Senator Bettencourt Expands Upon Governor Abbott Setting the May 7, 2022 Election For the Two Property Tax Relief Constitutional Ballot Measures, SJR 2 – 87th Legislature, 2nd Special & SJR 2 – 87th Legislature, 3rd Special

Austin, TX –  Senator Paul Bettencourt (R-Houston) explains two propositions that will be on the May 2022 ballot across Texas as set by Governor Abbott. Voting for Proposition 1 supports amending the state constitution to authorize the state legislature to reduce the property tax limit for school maintenance and operations taxes imposed on the homesteads of elderly or disabled residents to reflect any tax rate reduction enacted by law from the preceding tax year. The effective date will be January 1, 2023, contingent on voter approval of the constitutional amendment prop 1. Voting for Proposition 2 supports increasing the homestead exemption for school district property taxes from $25,000 to $40,000. The effective date will be January 1, 2022, contingent on voter approval of constitutional amendment prop 2.

“Property tax relief has been one of my top priorities since I was elected to the Texas Senate in 2014. These bills will provide over $600 million in relief per biennium to homeowners for first year homestead exemptions and those over 65 or disabled freeze value. These propositions will be voted on by the public on May 7, 2022,” stated Bettencourt.

Proposition 1 ballot title is as follows, “The constitutional amendment authorizing the legislature to provide for the reduction of the amount of a limitation on the total amount of ad valorem taxes that may be imposed for general elementary and secondary public school purposes on the residence homestead of a person who is elderly or disabled to reflect any statutory reduction from the preceding tax year in the maximum compressed rate of the maintenance and operations taxes imposed for those purposes on the homestead.” The intent is to give property owners over the age of 65 and or disabled the benefits of the state’s compressed tax rate for school maintenance and operations (M&O).  If approved by voters, this amendment would reduce the approximate 2 million exemption holders school tax bill, on average, $110 the first year and by $124 the second year. If this Constitutional amendment is approved, the provisions of Senate Bill 8 (SB 8) of the 2nd special session would become effective. SB 8 would amend Chapter 48 of the Education Code so that school districts would not lose revenue.  The bill would recalculate school district tax limitations (tax ceiling) on residence homesteads for individuals who are over 65 or disabled to reflect reductions in school district maximum compressed tax rates for 2019 and subsequent tax years. School districts, ISDs, would be entitled to additional state aid to the extent state aid under the current formulas does not fully reimburse them for the tax revenue losses. Because of the complexity of the over 65 and disabled exemptions, some homeowners with the over 65 or disabled exemptions won’t see the full benefits until additional legislative action is taken in 2023.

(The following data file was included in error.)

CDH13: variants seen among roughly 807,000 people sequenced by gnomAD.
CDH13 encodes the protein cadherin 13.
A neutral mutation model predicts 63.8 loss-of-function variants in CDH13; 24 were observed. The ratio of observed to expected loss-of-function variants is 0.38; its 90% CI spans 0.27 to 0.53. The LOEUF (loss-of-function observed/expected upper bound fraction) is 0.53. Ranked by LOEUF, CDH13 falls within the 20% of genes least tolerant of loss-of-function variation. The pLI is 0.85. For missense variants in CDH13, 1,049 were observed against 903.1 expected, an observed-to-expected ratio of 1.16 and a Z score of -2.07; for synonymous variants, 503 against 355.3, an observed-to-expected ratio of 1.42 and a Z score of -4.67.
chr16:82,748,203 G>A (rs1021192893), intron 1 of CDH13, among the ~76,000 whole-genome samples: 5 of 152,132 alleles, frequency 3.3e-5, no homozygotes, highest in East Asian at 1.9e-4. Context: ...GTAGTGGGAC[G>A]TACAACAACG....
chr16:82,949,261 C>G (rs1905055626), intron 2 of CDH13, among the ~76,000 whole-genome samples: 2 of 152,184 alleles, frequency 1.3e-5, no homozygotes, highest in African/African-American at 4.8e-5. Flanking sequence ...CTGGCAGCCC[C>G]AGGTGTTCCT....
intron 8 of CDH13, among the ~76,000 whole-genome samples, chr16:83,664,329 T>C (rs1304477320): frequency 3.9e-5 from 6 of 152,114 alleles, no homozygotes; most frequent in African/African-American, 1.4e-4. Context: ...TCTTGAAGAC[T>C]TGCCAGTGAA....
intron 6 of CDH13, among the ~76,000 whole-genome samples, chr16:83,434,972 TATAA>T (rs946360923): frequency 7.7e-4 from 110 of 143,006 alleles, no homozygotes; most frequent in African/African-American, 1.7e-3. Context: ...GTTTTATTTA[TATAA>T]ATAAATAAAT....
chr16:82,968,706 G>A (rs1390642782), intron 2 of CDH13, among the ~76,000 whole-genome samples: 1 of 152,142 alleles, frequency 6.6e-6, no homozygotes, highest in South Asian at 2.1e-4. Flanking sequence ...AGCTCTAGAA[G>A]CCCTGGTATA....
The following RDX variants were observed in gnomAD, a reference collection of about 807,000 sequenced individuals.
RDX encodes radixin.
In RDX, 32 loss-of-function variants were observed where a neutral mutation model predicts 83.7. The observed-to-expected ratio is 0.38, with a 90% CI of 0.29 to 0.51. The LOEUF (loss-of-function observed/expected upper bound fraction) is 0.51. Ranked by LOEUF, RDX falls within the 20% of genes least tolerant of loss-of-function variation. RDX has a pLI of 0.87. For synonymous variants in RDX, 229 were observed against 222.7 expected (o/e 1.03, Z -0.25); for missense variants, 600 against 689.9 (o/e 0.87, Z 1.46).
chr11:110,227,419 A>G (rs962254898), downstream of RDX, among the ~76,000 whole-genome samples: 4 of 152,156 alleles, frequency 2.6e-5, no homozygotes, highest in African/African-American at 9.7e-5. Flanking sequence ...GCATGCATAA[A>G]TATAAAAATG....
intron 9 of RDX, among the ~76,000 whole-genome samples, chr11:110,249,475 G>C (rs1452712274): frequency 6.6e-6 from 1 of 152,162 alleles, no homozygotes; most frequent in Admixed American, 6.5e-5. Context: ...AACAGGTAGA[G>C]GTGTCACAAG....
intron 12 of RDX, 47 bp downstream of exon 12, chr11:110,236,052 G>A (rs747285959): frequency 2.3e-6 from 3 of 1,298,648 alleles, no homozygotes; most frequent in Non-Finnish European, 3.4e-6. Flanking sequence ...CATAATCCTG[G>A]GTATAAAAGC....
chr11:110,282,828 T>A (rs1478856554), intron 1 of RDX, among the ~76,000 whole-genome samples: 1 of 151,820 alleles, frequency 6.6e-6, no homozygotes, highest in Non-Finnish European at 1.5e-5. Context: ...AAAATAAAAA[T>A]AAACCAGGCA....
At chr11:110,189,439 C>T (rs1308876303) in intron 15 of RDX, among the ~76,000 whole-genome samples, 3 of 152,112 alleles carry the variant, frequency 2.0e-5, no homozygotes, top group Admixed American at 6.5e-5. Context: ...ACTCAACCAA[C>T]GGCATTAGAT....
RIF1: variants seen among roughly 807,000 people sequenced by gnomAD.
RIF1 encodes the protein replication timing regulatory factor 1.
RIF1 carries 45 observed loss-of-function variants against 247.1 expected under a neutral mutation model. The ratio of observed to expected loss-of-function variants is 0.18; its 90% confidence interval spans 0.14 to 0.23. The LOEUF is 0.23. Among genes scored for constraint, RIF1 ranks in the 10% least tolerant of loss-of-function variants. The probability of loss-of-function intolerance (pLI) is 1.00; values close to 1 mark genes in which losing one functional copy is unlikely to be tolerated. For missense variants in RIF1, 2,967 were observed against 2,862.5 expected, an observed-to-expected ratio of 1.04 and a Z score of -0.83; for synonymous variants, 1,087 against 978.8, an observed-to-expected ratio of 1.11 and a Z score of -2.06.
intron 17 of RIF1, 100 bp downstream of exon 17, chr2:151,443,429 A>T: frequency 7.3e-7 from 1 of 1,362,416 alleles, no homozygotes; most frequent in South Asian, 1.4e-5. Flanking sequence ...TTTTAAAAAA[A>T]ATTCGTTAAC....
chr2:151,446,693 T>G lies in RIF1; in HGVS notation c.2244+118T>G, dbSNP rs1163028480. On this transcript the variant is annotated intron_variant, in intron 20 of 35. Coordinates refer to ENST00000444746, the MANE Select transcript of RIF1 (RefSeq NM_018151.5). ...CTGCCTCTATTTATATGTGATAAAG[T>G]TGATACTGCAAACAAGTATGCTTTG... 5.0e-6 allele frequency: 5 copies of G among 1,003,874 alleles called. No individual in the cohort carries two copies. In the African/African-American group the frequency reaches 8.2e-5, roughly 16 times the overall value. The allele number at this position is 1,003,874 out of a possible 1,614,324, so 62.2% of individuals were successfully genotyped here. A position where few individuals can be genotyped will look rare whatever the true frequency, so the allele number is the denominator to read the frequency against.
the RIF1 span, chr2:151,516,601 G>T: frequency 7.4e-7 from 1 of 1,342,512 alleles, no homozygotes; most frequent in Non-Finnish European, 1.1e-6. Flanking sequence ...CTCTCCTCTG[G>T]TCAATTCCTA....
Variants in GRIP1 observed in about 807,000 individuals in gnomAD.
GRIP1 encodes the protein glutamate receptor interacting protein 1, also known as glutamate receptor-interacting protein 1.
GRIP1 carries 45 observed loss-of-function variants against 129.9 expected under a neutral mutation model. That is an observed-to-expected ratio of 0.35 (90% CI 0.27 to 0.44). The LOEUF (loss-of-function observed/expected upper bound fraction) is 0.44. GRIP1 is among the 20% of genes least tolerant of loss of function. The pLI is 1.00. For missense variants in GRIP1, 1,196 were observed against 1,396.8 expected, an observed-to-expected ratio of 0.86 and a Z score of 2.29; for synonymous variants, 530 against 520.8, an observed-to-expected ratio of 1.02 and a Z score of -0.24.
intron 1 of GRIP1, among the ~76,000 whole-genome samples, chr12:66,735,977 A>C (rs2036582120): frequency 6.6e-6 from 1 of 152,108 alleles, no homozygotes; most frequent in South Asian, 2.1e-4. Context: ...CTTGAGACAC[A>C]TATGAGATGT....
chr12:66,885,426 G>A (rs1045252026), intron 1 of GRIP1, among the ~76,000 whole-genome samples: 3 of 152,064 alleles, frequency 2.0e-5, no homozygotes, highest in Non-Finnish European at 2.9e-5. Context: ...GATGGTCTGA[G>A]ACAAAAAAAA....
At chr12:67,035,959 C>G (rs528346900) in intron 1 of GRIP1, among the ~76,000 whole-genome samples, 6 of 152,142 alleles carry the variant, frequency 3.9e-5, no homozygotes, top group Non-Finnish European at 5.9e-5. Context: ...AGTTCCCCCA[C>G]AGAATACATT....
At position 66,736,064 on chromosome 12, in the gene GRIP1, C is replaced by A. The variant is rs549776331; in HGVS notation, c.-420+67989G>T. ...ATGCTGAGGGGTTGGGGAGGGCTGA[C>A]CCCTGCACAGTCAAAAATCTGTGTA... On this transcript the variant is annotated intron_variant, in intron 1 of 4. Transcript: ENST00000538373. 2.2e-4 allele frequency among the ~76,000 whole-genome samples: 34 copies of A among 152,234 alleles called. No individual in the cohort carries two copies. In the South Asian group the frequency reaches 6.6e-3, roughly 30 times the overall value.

“People see the need for property tax relief. On behalf of the 4.5 million homeowners of Texas, I want to thank Lieutenant Governor Patrick for making these Senate bills a priority,” said Bettencourt.

Proposition 2 ballot titles is as follows, “The constitutional amendment increasing the amount of the residence homestead exemption from ad valorem taxation for public school purposes from $25,000 to $40,000.” The intent is to help homeowners by increasing the homestead exemption amount by $15,000 per year.  The average homeowner will pay $180 less in school property taxes using the statewide average rate of $1.21/$100 of value as a result. This amendment would raise the homestead property tax exemption from $25,000 to $40,000.  This amendment, if approved by voters, would amend the Tax Code to increase the mandatory homestead exemption for ISDs. This proposition would amend the Education Code to entitle school districts to additional state aid to the extent that a district’s combined state and local revenue used to service eligible debt after the homestead exemption increase would be less than the state and local revenue that would have been available for debt service had the homestead exemption not increased.

Senator Bettencourt appreciated working with the House Ways and Means Chairman, Representative Morgan Meyer, for his support as House Sponsor of both sets of bills.